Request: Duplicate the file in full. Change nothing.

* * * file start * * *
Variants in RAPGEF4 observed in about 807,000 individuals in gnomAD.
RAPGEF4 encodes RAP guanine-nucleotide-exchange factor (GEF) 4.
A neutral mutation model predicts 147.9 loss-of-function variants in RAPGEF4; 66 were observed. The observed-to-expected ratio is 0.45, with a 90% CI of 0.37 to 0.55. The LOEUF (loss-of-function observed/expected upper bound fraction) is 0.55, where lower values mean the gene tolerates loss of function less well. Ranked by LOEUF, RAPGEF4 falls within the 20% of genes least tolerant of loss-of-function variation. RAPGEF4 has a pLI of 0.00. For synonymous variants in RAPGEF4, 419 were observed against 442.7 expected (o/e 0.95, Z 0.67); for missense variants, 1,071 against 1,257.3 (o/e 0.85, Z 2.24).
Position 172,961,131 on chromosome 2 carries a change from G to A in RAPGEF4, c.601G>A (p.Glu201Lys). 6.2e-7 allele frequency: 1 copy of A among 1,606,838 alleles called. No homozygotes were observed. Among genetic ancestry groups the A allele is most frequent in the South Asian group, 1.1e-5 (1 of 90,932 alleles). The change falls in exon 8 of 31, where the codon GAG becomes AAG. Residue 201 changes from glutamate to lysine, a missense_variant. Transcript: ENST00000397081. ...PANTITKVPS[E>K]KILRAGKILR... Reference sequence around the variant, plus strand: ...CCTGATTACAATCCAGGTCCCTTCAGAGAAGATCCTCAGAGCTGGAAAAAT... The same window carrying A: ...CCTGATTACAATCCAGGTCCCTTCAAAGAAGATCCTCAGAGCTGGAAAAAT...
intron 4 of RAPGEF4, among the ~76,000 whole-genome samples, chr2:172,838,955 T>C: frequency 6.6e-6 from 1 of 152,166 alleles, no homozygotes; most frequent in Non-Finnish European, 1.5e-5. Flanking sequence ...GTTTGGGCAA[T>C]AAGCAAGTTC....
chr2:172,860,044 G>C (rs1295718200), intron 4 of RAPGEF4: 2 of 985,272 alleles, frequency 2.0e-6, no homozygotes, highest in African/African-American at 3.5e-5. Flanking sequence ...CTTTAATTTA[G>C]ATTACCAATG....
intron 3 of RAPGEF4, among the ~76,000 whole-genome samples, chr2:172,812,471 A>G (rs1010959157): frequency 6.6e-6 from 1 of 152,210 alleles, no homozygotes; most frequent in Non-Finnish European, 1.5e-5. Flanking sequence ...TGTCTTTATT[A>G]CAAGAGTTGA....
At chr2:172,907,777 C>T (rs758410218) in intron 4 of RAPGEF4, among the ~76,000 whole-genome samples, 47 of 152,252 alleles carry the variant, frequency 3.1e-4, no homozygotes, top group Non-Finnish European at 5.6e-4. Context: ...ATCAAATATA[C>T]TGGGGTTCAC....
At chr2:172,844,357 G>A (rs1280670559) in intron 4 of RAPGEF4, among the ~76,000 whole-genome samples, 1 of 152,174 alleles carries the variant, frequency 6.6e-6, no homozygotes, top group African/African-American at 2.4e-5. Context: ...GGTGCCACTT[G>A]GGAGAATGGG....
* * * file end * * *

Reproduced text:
Variants in RAPGEF4 observed in about 807,000 individuals in gnomAD.
RAPGEF4 encodes RAP guanine-nucleotide-exchange factor (GEF) 4.
A neutral mutation model predicts 147.9 loss-of-function variants in RAPGEF4; 66 were observed. The observed-to-expected ratio is 0.45, with a 90% CI of 0.37 to 0.55. The LOEUF (loss-of-function observed/expected upper bound fraction) is 0.55, where lower values mean the gene tolerates loss of function less well. Ranked by LOEUF, RAPGEF4 falls within the 20% of genes least tolerant of loss-of-function variation. RAPGEF4 has a pLI of 0.00. For synonymous variants in RAPGEF4, 419 were observed against 442.7 expected (o/e 0.95, Z 0.67); for missense variants, 1,071 against 1,257.3 (o/e 0.85, Z 2.24).
Position 172,961,131 on chromosome 2 carries a change from G to A in RAPGEF4, c.601G>A (p.Glu201Lys). 6.2e-7 allele frequency: 1 copy of A among 1,606,838 alleles called. No homozygotes were observed. Among genetic ancestry groups the A allele is most frequent in the South Asian group, 1.1e-5 (1 of 90,932 alleles). The change falls in exon 8 of 31, where the codon GAG becomes AAG. Residue 201 changes from glutamate to lysine, a missense_variant. Transcript: ENST00000397081. ...PANTITKVPS[E>K]KILRAGKILR... Reference sequence around the variant, plus strand: ...CCTGATTACAATCCAGGTCCCTTCAGAGAAGATCCTCAGAGCTGGAAAAAT... The same window carrying A: ...CCTGATTACAATCCAGGTCCCTTCAAAGAAGATCCTCAGAGCTGGAAAAAT...
intron 4 of RAPGEF4, among the ~76,000 whole-genome samples, chr2:172,838,955 T>C: frequency 6.6e-6 from 1 of 152,166 alleles, no homozygotes; most frequent in Non-Finnish European, 1.5e-5. Flanking sequence ...GTTTGGGCAA[T>C]AAGCAAGTTC....
chr2:172,860,044 G>C (rs1295718200), intron 4 of RAPGEF4: 2 of 985,272 alleles, frequency 2.0e-6, no homozygotes, highest in African/African-American at 3.5e-5. Flanking sequence ...CTTTAATTTA[G>C]ATTACCAATG....
intron 3 of RAPGEF4, among the ~76,000 whole-genome samples, chr2:172,812,471 A>G (rs1010959157): frequency 6.6e-6 from 1 of 152,210 alleles, no homozygotes; most frequent in Non-Finnish European, 1.5e-5. Flanking sequence ...TGTCTTTATT[A>G]CAAGAGTTGA....
At chr2:172,907,777 C>T (rs758410218) in intron 4 of RAPGEF4, among the ~76,000 whole-genome samples, 47 of 152,252 alleles carry the variant, frequency 3.1e-4, no homozygotes, top group Non-Finnish European at 5.6e-4. Context: ...ATCAAATATA[C>T]TGGGGTTCAC....
At chr2:172,844,357 G>A (rs1280670559) in intron 4 of RAPGEF4, among the ~76,000 whole-genome samples, 1 of 152,174 alleles carries the variant, frequency 6.6e-6, no homozygotes, top group African/African-American at 2.4e-5. Context: ...GGTGCCACTT[G>A]GGAGAATGGG....